You and Your Research Print E-mail
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Now you might tell me you haven't got control over what you have to work on. Well, when you first begin, you may not. But once you're moderately successful, there are more people asking for results than you can deliver and you have some power of choice, but not completely. I'll tell you a story about that, and it bears on the subject of educating your boss. I had a boss named Schelkunoff; he was, and still is, a very good friend of mine. Some military person came to me and demanded some answers by Friday. Well, I had already dedicated my computing resources to reducing data on the fly for a group of scientists; I was knee deep in short, small, important problems. This military person wanted me to solve his problem by the end of the day on Friday. I said, "No, I'll give it to you Monday. I can work on it over the weekend. I'm not going to do it now.'' He goes down to my boss, Schelkunoff, and Schelkunoff says, "You must run this for him; he's got to have it by Friday.'' I tell him, "Why do I?''; he says, "You have to.'' I said, "Fine, Sergei, but you're sitting in your office Friday afternoon catching the late bus home to watch as this fellow walks out that door.'' I gave the military person the answers late Friday afternoon. I then went to Schelkunoff's office and sat down; as the man goes out I say, "You see Schelkunoff, this fellow has nothing under his arm; but I gave him the answers.'' On Monday morning Schelkunoff called him up and said, "Did you come in to work over the weekend?'' I could hear, as it were, a pause as the fellow ran through his mind of what was going to happen; but he knew he would have had to sign in, and he'd better not say he had when he hadn't, so he said he hadn't. Ever after that Schelkunoff said, "You set your deadlines; you can change them.''

One lesson was sufficient to educate my boss as to why I didn't want to do big jobs that displaced exploratory research and why I was justified in not doing crash jobs which absorb all the research computing facilities. I wanted instead to use the facilities to compute a large number of small problems. Again, in the early days, I was limited in computing capacity and it was clear, in my area, that a "mathematician had no use for machines.'' But I needed more machine capacity. Every time I had to tell some scientist in some other area, "No I can't; I haven't the machine capacity,'' he complained. I said "Go tell your Vice President that Hamming needs more computing capacity.'' After a while I could see what was happening up there at the top; many people said to my Vice President, "Your man needs more computing capacity.'' I got it!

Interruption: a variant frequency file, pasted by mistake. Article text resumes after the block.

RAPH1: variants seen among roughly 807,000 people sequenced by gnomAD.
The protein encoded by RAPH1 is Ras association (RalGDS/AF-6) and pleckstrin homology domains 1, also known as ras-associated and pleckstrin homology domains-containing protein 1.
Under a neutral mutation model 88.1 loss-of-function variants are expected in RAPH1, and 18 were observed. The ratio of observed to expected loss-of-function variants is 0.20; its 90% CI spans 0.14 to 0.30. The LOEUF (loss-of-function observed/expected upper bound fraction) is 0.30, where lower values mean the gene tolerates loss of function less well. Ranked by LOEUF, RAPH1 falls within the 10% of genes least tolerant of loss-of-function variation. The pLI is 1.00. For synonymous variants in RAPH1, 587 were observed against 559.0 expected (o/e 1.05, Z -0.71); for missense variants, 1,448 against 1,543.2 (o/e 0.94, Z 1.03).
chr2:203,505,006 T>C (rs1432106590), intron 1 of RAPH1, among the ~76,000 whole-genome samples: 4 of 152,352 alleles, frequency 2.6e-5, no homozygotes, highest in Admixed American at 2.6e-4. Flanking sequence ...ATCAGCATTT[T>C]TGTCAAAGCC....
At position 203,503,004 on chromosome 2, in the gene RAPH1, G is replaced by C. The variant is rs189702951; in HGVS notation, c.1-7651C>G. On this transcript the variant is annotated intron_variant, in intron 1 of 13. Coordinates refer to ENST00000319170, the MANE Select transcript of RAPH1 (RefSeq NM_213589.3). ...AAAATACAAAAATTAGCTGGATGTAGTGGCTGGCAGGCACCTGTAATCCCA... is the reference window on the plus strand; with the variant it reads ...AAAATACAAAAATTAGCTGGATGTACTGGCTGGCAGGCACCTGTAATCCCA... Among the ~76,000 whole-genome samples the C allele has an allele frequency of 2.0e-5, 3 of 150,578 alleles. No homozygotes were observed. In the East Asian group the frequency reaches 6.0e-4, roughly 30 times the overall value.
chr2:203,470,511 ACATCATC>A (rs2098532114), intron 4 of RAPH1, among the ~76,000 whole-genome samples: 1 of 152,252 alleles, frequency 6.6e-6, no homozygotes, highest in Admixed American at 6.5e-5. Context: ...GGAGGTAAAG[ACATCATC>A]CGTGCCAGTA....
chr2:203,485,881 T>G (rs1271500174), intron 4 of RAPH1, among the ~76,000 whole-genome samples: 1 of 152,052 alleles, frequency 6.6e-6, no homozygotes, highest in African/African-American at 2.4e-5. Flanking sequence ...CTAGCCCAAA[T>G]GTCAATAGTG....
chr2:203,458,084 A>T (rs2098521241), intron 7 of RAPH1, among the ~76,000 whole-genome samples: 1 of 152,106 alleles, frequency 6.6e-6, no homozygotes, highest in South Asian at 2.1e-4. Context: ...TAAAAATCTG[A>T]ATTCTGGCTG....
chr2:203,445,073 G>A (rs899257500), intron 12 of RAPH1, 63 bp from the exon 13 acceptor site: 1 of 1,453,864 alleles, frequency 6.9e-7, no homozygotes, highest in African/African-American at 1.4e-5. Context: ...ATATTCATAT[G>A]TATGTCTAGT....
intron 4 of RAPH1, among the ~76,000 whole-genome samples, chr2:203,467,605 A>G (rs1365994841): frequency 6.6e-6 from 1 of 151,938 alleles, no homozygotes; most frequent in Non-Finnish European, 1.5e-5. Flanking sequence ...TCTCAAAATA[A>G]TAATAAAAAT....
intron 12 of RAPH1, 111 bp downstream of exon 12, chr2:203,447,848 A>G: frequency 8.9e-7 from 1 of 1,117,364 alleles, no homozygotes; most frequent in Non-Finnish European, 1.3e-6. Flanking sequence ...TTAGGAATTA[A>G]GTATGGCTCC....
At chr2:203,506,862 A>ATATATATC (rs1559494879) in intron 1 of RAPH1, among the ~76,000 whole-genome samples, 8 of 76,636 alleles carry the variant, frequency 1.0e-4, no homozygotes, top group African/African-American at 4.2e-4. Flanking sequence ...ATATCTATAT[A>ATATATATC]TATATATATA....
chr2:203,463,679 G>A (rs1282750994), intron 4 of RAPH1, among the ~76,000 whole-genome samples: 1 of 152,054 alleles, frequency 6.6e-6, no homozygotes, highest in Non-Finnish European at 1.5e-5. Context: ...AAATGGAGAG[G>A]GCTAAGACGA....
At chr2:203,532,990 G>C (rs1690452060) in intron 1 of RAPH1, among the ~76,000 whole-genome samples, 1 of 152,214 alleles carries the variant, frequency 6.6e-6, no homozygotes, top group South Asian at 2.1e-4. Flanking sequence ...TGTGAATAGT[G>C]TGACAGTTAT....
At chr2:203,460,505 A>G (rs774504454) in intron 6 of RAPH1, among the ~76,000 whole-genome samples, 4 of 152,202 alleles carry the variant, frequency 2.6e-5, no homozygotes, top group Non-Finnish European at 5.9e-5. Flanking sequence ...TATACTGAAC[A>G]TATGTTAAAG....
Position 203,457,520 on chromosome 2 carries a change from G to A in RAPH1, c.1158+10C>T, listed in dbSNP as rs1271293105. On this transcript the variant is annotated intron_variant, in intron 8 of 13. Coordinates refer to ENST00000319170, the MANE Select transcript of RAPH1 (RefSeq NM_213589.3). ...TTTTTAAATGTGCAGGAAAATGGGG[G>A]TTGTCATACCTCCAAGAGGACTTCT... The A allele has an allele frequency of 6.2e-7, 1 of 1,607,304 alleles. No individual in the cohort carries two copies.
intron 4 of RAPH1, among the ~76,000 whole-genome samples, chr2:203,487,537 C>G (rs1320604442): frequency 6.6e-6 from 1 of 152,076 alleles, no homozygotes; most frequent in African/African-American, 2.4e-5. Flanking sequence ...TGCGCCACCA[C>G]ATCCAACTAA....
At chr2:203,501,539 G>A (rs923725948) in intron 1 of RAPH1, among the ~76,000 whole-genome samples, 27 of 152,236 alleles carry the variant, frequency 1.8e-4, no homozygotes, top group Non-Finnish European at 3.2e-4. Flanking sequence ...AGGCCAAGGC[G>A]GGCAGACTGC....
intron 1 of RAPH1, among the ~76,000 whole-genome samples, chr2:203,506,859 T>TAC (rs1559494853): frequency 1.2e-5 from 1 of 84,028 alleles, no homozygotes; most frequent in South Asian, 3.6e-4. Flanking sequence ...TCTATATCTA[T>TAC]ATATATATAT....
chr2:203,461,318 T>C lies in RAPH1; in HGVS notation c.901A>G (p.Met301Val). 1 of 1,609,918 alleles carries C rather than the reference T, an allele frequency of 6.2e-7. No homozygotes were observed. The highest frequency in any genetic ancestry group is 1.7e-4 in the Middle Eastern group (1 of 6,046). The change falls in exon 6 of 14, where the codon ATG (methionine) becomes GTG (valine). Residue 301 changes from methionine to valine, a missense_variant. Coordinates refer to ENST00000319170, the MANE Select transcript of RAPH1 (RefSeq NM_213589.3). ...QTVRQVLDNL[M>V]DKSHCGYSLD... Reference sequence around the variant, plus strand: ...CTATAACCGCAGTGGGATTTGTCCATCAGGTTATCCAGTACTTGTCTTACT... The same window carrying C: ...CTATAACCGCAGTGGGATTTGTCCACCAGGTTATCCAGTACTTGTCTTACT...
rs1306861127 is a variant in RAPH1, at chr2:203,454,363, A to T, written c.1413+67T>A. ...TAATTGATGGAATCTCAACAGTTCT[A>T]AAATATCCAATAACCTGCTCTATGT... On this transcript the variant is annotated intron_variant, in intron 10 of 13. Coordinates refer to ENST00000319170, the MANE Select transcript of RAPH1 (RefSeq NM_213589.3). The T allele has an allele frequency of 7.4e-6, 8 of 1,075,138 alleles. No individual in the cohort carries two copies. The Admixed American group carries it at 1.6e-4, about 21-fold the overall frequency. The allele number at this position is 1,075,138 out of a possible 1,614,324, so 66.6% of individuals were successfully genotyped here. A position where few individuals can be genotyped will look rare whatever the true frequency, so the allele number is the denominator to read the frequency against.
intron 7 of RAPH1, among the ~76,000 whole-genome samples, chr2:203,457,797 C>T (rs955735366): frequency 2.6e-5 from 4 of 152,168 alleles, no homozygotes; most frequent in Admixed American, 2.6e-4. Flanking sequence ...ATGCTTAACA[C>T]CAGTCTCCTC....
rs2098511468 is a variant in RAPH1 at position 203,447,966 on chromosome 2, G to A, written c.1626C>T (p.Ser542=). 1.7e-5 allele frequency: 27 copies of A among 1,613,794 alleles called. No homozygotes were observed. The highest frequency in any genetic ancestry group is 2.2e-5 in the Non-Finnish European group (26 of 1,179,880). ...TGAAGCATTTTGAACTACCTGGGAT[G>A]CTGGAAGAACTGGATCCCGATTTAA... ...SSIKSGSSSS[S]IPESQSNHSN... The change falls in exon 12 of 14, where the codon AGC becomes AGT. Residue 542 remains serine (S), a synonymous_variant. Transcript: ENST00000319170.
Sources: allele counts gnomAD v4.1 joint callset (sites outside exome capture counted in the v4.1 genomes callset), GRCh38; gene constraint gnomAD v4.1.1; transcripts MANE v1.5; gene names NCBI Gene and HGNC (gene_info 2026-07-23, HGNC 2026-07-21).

I also did a second thing. When I loaned what little programming power we had to help in the early days of computing, I said, "We are not getting the recognition for our programmers that they deserve. When you publish a paper you will thank that programmer or you aren't getting any more help from me. That programmer is going to be thanked by name; she's worked hard.'' I waited a couple of years. I then went through a year of BSTJ articles and counted what fraction thanked some programmer. I took it into the boss and said, "That's the central role computing is playing in Bell Labs; if the BSTJ is important, that's how important computing is.'' He had to give in. You can educate your bosses. It's a hard job. In this talk I'm only viewing from the bottom up; I'm not viewing from the top down. But I am telling you how you can get what you want in spite of top management. You have to sell your ideas there also.

Well I now come down to the topic, "Is the effort to be a great scientist worth it?'' To answer this, you must ask people. When you get beyond their modesty, most people will say, "Yes, doing really first-class work, and knowing it, is as good as wine, women and song put together,'' or if it's a woman she says, "It is as good as wine, men and song put together.'' And if you look at the bosses, they tend to come back or ask for reports, trying to participate in those moments of discovery. They're always in the way. So evidently those who have done it, want to do it again. But it is a limited survey. I have never dared to go out and ask those who didn't do great work how they felt about the matter. It's a biased sample, but I still think it is worth the struggle. I think it is very definitely worth the struggle to try and do first-class work because the truth is, the value is in the struggle more than it is in the result. The struggle to make something of yourself seems to be worthwhile in itself. The success and fame are sort of dividends, in my opinion.



 
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